Level Up


A sharp No.3 smoothing plane and raking light. One of the greatest pleasures imagineable.

After several months of working on the individual components of the staked work table, it was time to assemble the whole piece. Well, almost. The final task before I warmed up the hide glue was to finish surfacing the top – this is a task more easily accomplished while the top was on the workbench instead of on its own legs.


This goose neck lamp from IKEA is perfect for adding raking ligght exactly where I need it.

Flourescent lights flatten details and make it hard to spot surface imperfections. So when it comes to surfacing I kill my overhead lights and rely on raking light – either from the up-and-over door at the end of my workshop (if it is a sunny day), or an IKEA goose-neck LED lamp which handily has a clamp at the end. Clamping the light to some stout scrap in my vise provides all of the raking light I need, meaning that I can easily zero in on tool marks or the last remnants of tearout. With the smoothing plane freshly sharpened and set to a fine cut, I cleaned up the table top, finishing with a cabinet scraper to remove any stubborn spots or stray plane marks.


The desk assembled and clamped while the glue cures

And then, it really was game time. I drove both leg assemblies into their sockets with a lump hammer, and then treated the front inch of each socket with a coat of warm hide glue before driving the battens into their final position. This will hold the battens in place, but still allow for any wood movement (which gluing the full length of the batten would prevent). A pair of clamps on the front edge of the table top held the battens in position for good measure, although the tight fit of the battens meant that these were probably overkill. Jim suggested to me that glue-ups were a bit like a first date, which had me wondering if folk date differently in North Carolina. Most glue ups definitely get the heart racing, and language can get a bit salty, so I dig Jim’s analogy. But this was one of the most straight forward glue-ups I can remember, probably helped but having only two components to glue and easy clean-up. So I’ve definitely had worse first dates (not that those are stories I’ll ever tell on this blog).


Marking off the foot height. Wedges and a knife taped to a 1/2″ block make this an easy task.

One of my favourite stages of working on legged pieces is levelling the feet. Once the glue had cured on the desk I moved it inside for this stage of the build – my workshop floor has a pronounced slope and getting anything level in there can be a  real bind, so I decided to level the desk in the dining room, which has a much more level floor and plenty of room to work in. I used a series of fine oak wedges to get the desk level front to back and side to side. Three of the legs were in very good order, and the fourth leg was just short enough to encourage a bit of a rock. With everything wedged up and stable I measured the table height on all four sides which showed that I only had to remove 1/2″ from the legs to get the 30″ final height I was shooting for. Digging in my scrap bin revealed some 1/2″ thick southern yellow pine, to which I taped a Hock Tools marking knife. These knives are sold without handles, with the intention that the user fits their own handle. I have deliberately left mine without a handle, specifically for table and chair leg levelling. Thick blade is good and rigid, and it takes a very keen edge. As a result the knife is perfect for making off legs as all I have to do is tape it to a block of the appropriate height.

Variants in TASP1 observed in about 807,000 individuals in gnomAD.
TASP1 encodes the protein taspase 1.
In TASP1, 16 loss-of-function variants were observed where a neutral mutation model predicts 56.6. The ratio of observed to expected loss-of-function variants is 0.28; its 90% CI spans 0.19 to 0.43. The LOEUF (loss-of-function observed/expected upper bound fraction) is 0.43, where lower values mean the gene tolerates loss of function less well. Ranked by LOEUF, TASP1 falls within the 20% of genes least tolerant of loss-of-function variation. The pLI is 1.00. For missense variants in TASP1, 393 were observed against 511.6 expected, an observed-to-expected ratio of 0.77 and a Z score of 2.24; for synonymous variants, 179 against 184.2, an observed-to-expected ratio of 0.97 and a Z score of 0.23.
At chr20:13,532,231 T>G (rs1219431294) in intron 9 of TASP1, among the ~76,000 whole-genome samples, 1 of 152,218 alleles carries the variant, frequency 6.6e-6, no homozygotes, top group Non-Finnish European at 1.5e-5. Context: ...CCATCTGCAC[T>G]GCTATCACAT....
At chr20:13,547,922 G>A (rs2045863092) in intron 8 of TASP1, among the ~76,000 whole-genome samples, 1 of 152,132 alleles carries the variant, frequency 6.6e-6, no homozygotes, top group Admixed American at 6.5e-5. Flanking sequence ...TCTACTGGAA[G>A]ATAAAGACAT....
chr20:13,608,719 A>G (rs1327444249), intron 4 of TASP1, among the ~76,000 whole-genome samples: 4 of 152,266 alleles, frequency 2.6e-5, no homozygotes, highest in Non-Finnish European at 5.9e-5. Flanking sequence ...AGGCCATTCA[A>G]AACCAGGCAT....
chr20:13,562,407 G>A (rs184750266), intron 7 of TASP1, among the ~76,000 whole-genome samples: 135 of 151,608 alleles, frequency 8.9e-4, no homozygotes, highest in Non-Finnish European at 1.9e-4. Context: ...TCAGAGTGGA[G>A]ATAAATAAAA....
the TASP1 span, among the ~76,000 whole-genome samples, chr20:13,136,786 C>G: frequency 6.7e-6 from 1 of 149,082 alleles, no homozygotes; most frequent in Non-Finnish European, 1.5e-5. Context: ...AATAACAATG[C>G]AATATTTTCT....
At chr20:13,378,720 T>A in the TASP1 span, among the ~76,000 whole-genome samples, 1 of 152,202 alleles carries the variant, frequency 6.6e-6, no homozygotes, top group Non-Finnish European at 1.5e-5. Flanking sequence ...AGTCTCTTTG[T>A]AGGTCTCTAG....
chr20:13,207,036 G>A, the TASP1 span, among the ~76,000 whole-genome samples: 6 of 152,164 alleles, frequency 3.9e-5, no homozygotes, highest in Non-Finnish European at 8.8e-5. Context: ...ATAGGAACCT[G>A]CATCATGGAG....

Marking off the dimensions of the chamfer

With the final height of the feet marked, the desk went back into the workshop. I really enjoy cutting the feet – at first the compound angles all look a bit screwy, but there is a real pleasure in letting go of the fact that you’re not cutting at 90 degrees, and just following the layout lines. With careful body positioning you can sight down 3 of the 8 facets on a leg, which gives plenty of visual guidance when making the cut. I use my Bad Axe 12″ carcase saw for these cuts – this a very precise saw which leaves a fine finish behind and is easily handled at unusual angles (unlike a larger tenon saw). Having trimmed the feet I righted the table and was pleased (relieved?) to find that it was rock solid with no hint of rocking.



The final foot detail was to add a chamfer to stop the corners chipping out when the desk is moved. Maple takes details like this really nicely, and some time with an Auriou 9 grain cabinet maker’s rasp left crisp chamfers on each facet of the legs. The chamfers are parallel to the floor, and thanks to the splay of the legst the chamfer becomes progressively wider for each facet towards the back of the leg. It’s just a small detail, and one which probably no one will ever notice, but it pleases me.


Facets on facets.

This build is drawing to a close, and all that is left to do is final making pretty and applying the finish. More of which next week.


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